April 7, 1978
From the book, “Some Gave All,” by Mike Simmons, coming soon.
In 1964, 26-year-old Buddy married Sandra Adams, the love of his life. The young couple struggled, with Buddy working wherever he could to make a living. But they were happy – Buddy, Sandra and the kids – Robert, Cynthia and Lisa.
The Escambia County Jail needed Correctional officers. It wasn’t dazzling, but it was necessary. So, in 1976, Buddy began a new career in Criminal Justice.
The work wasn’t bad, and the money was steady. Also, he was able to pick up side jobs to earn more income. One of the jobs was working security on his days off at the Winn Dixie grocery store at the intersection of Pace Boulevard and Palafox Street. That is what he was doing on the evening of April 7, 1978. On the same night, ex-inmate Thomas McCampbell and four others chose to rob the same Winn Dixie Store.
“This is a holdup!” The men went to each cash register, demanding money. Buddy felt someone grab him roughly by the collar from behind and stick a gun to his head. Then suddenly, Thomas McCampbell sent a .38 caliber bullet through Officer Buddy Ray’s head. The bad guys were now facing a murder charge. They fled.
Within minutes, deputies were swarming the area for any sight of a car with five males in it. Meanwhile, Buddy Ray was declared dead at Baptist Hospital at 9:50 pm.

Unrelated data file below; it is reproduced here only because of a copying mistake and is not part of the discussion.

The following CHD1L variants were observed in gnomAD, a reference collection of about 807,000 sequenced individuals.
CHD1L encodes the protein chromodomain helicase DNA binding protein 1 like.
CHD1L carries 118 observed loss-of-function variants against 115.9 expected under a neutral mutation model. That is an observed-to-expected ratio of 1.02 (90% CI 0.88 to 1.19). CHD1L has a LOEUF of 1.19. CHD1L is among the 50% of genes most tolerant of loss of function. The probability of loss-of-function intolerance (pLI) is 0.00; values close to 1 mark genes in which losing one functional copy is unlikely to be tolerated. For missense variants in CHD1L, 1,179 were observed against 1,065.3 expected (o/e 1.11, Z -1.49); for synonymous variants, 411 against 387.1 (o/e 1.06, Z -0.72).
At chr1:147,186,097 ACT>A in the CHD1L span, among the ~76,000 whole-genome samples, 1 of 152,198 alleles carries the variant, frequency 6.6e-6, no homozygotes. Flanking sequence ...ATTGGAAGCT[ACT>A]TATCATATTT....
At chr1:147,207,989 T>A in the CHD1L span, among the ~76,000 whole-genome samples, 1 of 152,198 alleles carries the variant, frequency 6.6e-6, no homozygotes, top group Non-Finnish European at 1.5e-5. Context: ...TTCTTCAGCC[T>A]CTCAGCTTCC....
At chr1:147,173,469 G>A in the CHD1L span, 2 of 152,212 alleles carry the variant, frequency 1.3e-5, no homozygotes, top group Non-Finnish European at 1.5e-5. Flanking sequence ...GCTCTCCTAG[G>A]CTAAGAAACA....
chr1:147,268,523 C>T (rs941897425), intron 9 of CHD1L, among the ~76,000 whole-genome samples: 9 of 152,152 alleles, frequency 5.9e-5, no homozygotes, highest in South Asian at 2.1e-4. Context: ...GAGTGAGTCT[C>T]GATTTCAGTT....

On April 11, Devastated family, friends, and officers from miles around descended on Oak Lawn, one of the most prominent Funeral Homes in town. They were there in support…in support of the family, both blood and blue (or green in this case). A contingent was there from the nearby Fort Walton Beach, Florida Police Department. Buddy’s older brother, Tommy Ray, was the chief there.
The service was brief. Reverend Charles Pfeiffer gave some words of comfort. The procession followed. Then came the graveside service at Pleasant Grove Cemetery. That is where the pall bearers – Buddy’s friends – laid him to rest. He is still there.
One by one, the hard-working detectives brought them in. Then the questioning. Almost as if in a comedy show, when the question of who pulled the trigger was asked, the collective choir simultaneously sang “Thomas McCampbell!” But he couldn’t be found. A warrant was issued for his arrest for First Degree Murder and Armed Robbery.
On October 10, 1978, the police in Lansing, Michigan had raided a house. An ID check of one of the occupants showed that his name was Thomas McCampbell and he was wanted in Escambia County, Florida for First Degree Murder and Armed Robbery. The last suspect, James Hawthorne, was arrested on February 24, 1979.
On Monday, March 5, 1979, the trial started. It continued all week, and on into Saturday, March 10. That evening, the jury was sent to the jury room to deliberate. It wasn’t long. The knock came and the jury returned to the box. The clerk took the verdict form from the foreman and read it. “Guilty.” On April 24, Judge Lowery sentenced him to die in the electric chair.
Finally, in 1982, the Florida Supreme Court commuted his sentence to life in prison. He was moved from the death house at Raiford Prison to Maximum Security. Better? Yes. Great? No.
On September 17, 2020, Thomas McCampbell died in prison. That’s 15,504 days longer than he let Buddy Ray live. Rest in peace, Deputy.
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